Dennis Arnon
Computer Science Laboratory
Xerox Palo Alto Research Center
3333 Coyote Hill Road
Palo Alto CA 94304
(415) 494-4425


From: seismo!Xerox.COM!Kelley.pa

While not oriented specifically to physical systems, STELLA for the
Macintosh from High-Performance Systems, Inc., 13 Dartmouth College
Highway, Lyme, New Hampshire 03768.  has a very nice user interface for
help in building mathematical models.  It is oriented toward Forrester's
Systems Dynamics simulation paradigm.  The user interface is worth

 -- kirk


From: mcgeer%sirius.Berkeley.EDU@BERKELEY.EDU (Rick McGeer)


are the addresses of Neil Soiffer and Carolyn Smith, respectively.  Benton
Leong is at


<Rick, thanks for the info for the rest of the project ---JPG>

                                        -- Rick


From: Doug A. Young <dayoung%hplabsc@hplabs.HP.COM>

Tony Hearn forwarded a message from you a while back to me, asking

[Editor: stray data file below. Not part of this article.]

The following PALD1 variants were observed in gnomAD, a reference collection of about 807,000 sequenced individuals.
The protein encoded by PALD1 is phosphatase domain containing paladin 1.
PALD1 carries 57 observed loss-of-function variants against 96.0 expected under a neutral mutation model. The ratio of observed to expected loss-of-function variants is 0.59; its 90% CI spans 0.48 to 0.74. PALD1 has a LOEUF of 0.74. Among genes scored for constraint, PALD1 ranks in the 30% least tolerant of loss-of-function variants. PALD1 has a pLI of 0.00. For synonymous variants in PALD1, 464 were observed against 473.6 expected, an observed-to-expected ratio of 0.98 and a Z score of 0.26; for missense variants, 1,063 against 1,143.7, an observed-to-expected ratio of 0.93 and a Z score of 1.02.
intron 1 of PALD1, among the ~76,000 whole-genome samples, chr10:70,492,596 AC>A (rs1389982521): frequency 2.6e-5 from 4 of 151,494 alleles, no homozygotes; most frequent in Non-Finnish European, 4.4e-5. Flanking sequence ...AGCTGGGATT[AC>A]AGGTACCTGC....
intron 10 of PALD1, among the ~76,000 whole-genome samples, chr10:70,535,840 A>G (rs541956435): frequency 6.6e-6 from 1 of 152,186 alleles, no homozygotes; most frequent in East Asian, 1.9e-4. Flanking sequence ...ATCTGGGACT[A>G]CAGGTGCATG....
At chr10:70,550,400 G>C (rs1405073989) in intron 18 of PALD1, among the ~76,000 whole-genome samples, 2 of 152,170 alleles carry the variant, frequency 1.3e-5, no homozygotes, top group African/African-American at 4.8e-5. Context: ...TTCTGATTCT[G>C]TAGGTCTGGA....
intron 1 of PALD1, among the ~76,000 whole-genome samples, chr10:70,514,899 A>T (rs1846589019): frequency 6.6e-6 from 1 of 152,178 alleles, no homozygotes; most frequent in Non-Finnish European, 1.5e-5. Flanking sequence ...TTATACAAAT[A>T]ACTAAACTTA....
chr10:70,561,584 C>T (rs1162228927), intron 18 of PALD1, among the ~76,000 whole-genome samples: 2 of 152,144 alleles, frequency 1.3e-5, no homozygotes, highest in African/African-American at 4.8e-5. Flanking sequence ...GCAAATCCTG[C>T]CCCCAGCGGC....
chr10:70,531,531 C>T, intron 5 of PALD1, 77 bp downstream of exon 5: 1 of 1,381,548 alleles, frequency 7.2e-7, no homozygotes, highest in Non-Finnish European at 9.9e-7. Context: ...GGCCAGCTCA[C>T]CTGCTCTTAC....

about an interface for algebra systems. I did my masters thesis on
a graphical multi-window system for Macsyma. If you are interested,
I could forward some information on it to you. Contact me at
                      Doug Young


From: Bill Schelter <ATP.SCHELTER@R20.UTEXAS.EDU>

I have an emacs like editor which allows the display
of mathematics as well as textual material.
You can mouse into the superscript position etc.
The system is called INFOR, and is available for lisp
machines (ymbolics and TI

I also ported the version of macsyma from doe, to run
on those machines.  It would be fairly easy to
connect the two, since they are running in the same memory

The display is very good, at least as good as TEX.
You can actually create a dvi file directly from the editor.
This can be then printed to obtain very high quality output.

Bill  Schelter


From: mcvax!fransh@seismo.CSS.GOV (Frans Heeman)

Some while ago, you put a query on the news about the availability
of interactive 2-d math editing interfaces. We are working on
a formula-editor (NOT a formula-manipulator). The idea is as

For example, the user gives the command for a fraction
to be entered. On the screen a small horizontal bar
is displayed, and the cursor is positioned above